“To consider removing control of our water from the public hand’s in 2019, when access to affordable, quality water is a global risk, is a short-sighted proposal,” Miller said. “What we know from communities across the country, is that when private entities manage public resources like water, rates go up, quality goes down, worker protections are eroded, and the environment is threatened,” she added.
“Water monetization is being presented as the only option in a financial crisis,” Councilwoman Kerwin said. “But, our city spending priorities don’t align with the idea that we are in crisis. There are options we have not yet taken, and after hearing from countless members from my community, I feel selling water, one of our most precious assets at the expense of raising water rates, should be our last resort.”
The resolution was crafted in partnership with the Land and Water Sovereignty Campaign, a group led by Black, Indigenous, people of color, and environmental advocates. They shared the following joint statement:
“Water is an inalienable human right and shouldn’t be commodified. Monetization /privatization would negatively impact our most vulnerable communities and our environment. Over 600 cities and towns have already suffered the negative effects of monetization/ privatization. We oppose Mayor Elorza’s House Bill H5390, and we call for a moratorium of all negotiations and actions leading to monetization/privatization.”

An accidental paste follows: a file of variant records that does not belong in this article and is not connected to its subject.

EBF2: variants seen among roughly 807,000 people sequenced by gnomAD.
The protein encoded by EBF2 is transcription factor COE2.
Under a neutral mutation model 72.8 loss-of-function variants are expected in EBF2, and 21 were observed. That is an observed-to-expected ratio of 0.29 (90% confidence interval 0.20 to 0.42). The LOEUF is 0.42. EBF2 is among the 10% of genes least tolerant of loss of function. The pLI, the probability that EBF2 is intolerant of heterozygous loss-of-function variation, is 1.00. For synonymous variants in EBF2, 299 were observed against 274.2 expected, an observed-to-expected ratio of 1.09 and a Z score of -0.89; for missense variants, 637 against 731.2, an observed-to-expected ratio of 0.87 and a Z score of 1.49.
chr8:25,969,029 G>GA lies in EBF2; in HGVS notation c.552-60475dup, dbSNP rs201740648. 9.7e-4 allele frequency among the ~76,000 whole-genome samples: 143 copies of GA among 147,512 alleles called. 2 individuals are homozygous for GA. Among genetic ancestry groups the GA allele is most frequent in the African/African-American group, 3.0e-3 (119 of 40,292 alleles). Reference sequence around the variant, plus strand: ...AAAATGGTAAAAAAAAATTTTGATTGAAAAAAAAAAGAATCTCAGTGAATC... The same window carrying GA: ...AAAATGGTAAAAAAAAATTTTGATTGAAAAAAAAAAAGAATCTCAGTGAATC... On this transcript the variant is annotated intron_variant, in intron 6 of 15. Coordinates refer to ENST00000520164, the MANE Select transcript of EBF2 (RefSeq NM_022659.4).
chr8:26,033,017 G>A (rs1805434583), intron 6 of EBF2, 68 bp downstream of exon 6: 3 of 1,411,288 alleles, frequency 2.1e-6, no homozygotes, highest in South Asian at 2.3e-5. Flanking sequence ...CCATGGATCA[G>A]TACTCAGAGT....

Providence City Council President Sabina Matos, Ward 15, on Friday, February 15, 2019 awarded City Year Providence $70K to support its partnership with Providence Schools.
“City Year Providence is an organization that the Council has long supported, and has great respect for,” stated City Council President Sabina Matos. “The work that City Year AmeriCorps members do in our schools is life changing, and has a proven track record of helping our students achieve great things.”
In Providence, City Year supports the Providence Public School Department by providing focused supports to ensure students stay in school and on track to graduate. In each school, City Year AmeriCorps members add capacity to universal student support and school climate initiatives, family engagement nights, before and after school programs, whole-classroom management and engagement support.
“City Year provides critically important supports to our kids and improves education outcomes in our Providence schools,” said Providence Mayor Jorge O. Elorza. “Through this award, City Year corps members will be able to continue their tremendous work helping our kids reach their full potential.”
The funding to support the City Year program was set aside by the City Council and the Administration during last year’s budget cycle. Councilman David A. Salvatore was a strong supporter of the cause, as well as the Council’s Committee on Finance.
“We are so grateful for the City, City Council, and Providence Public School District partnership, and for their trust and belief in our support of our schools and students,” stated Jennie Johnson, Executive Director, City Year Providence. “We look forward to continuing to work alongside our school leaders, teachers, and families to provide support to our amazing students as they strive to realize their full and amazing potential. Thank you, for your belief in the power of young people and for your investment in our service and partnership.”